This is the last week in our parables series, and the stories we’ll hear today are likely quite familiar to us – focused on a lost sheep and a lost coin, these are the parables that lead up to the story of the Prodigal Son. Together, those three form a triad of what was lost, then found—stories of grief and anxiety and rejoicing.

As we listen, I want us to pay attention to a couple things:

First, pay attention to the framing: who is Jesus talking to when he tells these stories, and who is Jesus talking about?
Second, in the parables themselves, how is the lost item found?

Scripture: Luke 15:1-10
Now all the tax-collectors and sinners were coming near to listen to him. And the Pharisees and the scribes were grumbling and saying, ‘This fellow welcomes sinners and eats with them.’ 
So he told them this parable: ‘Which one of you, having a hundred sheep and losing one of them, does not leave the ninety-nine in the wilderness and go after the one that is lost until he finds it? When he has found it, he lays it on his shoulders and rejoices. And when he comes home, he calls together his friends and neighbors, saying to them, “Rejoice with me, for I have found my sheep that was lost.” Just so, I tell you, there will be more joy in heaven over one sinner who repents than over ninety-nine righteous people who need no repentance.
‘Or what woman having ten silver coins, if she loses one of them, does not light a lamp, sweep the house, and search carefully until she finds it? When she has found it, she calls together her friends and neighbors, saying, “Rejoice with me, for I have found the coin that I had lost.” Just so, I tell you, there is joy in the presence of the angels of God over one sinner who repents.’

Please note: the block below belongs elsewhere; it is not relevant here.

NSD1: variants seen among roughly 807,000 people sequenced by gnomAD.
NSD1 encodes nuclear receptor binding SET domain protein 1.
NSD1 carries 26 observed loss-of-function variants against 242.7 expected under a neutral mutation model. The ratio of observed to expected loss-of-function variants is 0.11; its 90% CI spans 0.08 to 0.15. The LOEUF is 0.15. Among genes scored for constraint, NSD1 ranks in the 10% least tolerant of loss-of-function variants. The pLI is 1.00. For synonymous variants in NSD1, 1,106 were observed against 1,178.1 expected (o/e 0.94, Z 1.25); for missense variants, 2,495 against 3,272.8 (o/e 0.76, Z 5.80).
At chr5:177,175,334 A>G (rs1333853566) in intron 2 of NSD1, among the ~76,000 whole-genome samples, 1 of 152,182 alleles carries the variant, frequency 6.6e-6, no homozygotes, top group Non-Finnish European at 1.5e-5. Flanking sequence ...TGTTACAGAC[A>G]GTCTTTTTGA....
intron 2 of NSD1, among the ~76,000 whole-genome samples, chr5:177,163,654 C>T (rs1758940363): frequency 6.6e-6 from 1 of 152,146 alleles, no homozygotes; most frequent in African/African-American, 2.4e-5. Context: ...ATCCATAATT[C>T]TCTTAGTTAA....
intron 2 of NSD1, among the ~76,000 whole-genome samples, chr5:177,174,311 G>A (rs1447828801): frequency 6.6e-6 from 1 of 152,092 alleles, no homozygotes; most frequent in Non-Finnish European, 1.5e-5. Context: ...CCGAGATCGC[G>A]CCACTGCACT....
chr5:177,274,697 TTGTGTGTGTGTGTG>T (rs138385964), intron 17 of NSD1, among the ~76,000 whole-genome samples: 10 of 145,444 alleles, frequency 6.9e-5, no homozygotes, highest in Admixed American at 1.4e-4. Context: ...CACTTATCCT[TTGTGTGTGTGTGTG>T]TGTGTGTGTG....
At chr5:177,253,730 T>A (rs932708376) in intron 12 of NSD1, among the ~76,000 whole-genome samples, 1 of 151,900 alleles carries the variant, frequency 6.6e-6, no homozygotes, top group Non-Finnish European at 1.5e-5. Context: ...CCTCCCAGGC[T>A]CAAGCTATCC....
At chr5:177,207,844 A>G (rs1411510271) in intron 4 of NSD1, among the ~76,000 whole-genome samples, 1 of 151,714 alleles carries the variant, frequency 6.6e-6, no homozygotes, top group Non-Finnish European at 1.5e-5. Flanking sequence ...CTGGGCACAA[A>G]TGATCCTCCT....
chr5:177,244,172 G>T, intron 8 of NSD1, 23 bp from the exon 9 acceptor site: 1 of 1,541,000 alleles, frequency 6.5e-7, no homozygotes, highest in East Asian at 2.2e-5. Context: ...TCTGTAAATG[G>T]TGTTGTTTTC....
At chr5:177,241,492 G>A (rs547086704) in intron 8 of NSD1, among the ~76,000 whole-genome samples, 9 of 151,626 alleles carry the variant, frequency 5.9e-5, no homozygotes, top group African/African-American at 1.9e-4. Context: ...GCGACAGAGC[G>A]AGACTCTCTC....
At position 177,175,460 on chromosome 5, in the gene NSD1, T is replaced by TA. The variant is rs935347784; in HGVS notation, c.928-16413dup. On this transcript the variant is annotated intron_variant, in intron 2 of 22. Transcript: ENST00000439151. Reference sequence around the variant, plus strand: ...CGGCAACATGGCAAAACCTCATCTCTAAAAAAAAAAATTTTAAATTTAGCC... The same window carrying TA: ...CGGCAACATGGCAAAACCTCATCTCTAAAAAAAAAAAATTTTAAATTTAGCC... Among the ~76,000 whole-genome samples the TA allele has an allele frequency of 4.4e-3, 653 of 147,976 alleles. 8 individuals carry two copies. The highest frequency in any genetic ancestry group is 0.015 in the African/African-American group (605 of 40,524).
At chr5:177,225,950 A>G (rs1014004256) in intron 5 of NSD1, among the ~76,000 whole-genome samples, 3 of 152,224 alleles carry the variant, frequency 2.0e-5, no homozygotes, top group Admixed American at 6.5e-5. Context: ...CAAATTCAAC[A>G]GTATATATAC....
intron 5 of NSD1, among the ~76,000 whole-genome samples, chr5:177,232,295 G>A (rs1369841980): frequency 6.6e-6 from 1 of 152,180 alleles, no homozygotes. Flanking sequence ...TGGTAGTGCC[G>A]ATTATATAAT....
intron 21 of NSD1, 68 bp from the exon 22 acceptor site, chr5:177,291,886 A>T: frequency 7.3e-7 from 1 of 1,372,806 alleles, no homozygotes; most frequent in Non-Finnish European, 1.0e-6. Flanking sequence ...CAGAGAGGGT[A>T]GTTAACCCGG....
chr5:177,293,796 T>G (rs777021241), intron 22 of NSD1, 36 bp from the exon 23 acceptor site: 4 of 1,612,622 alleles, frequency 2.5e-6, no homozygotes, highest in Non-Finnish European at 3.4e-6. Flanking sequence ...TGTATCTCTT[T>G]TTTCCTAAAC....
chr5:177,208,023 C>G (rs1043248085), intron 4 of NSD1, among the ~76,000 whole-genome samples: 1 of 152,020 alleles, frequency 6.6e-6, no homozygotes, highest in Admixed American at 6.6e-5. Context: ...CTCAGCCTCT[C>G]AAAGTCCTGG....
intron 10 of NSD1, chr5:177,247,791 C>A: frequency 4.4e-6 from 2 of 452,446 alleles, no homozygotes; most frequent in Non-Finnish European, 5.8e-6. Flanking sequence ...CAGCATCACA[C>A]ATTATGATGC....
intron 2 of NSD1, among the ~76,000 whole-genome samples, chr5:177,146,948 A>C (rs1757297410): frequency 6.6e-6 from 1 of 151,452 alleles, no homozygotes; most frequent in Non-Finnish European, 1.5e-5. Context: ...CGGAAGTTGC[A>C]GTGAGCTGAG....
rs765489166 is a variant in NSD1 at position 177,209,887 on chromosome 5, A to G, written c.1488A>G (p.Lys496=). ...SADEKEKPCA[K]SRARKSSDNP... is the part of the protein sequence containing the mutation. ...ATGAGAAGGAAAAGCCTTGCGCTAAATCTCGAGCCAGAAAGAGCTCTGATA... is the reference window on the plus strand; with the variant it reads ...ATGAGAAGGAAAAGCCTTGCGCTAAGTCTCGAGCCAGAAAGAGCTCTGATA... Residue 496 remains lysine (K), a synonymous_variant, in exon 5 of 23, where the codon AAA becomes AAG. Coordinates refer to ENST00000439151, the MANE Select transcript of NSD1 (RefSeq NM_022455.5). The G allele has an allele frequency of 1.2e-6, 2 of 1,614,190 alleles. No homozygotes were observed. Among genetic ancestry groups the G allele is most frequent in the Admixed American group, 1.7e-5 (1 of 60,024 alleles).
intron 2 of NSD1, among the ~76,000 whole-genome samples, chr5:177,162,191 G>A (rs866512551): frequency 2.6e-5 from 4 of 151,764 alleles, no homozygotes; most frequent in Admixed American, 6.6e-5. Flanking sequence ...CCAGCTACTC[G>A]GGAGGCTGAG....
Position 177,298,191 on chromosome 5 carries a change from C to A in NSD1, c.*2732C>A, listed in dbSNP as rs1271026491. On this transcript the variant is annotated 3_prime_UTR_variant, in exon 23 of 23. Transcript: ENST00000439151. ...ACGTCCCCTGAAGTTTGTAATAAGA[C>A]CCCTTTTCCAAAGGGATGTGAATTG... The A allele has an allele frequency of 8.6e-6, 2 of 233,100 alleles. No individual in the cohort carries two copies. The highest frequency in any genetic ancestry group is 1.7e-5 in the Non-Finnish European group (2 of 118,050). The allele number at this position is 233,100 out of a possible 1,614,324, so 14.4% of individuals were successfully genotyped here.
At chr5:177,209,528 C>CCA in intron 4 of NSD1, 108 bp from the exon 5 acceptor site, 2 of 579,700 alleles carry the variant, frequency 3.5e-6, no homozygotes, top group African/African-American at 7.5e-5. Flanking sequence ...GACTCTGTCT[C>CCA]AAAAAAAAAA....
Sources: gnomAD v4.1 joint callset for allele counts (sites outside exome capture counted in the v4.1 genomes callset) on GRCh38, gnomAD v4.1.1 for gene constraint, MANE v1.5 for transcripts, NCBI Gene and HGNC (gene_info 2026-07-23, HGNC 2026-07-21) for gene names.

There are several things in these twin parables that would’ve caught the attention of Jesus’ original listeners – both tax collectors and Pharisees.

First of all, the people he’s describing are pretty well-off. When Jesus asks “which of you, having 100 sheep…”, he likely would’ve heard “psshhh. Not me!”

Even having 10 silver coins was a rarity – and to have enough money (and irresponsibility) to lose one of them to begin with was mind-boggling.

Rather than the lost sheep and the lost coin, these could easily be called ‘The Parables of the Irresponsible Owners.’

A second surprise would’ve been their celebratory response: this was not just relief that they had found what they’d lost—it was cause for a community celebration: their flock, their accounts, were now complete again. Wholeness had been restored, and that meant rejoicing together.

Luke frames these stories for us in a way that interprets them as allegories of repentance and forgiveness. But who’s doing the repenting? Surely not the sheep, who has no idea that it’s done something wrong and doesn’t choose to go back on its own, or the coin, which is an inanimate object and thus incapable of either straying or repenting.

The one who changes, and does something different, is the shepherd who realizes one is missing and goes off in search of it. The one who turns her life upside down trying to make things right is the woman who lost the coin.

That changes the allegory a bit: usually, the shepherd and the woman are seen as the God-characters, meant to show us the extreme measures God will employ to find us when we’ve lost our way.

And perhaps that’s still true—Jesus is absolutely doing things differently. Jesus isn’t sitting in the Temple or the synagogues, waiting for those who need instruction and care to come to him. He’s hanging out in the sketchy parts of the city. He’s having dinner with Zacchaeus and talking with the ones labeled ‘sinners.’ He’s turning expectations upside down, searching desperately for what was lost. He’s willing to go to extreme measures to restore the community to wholeness.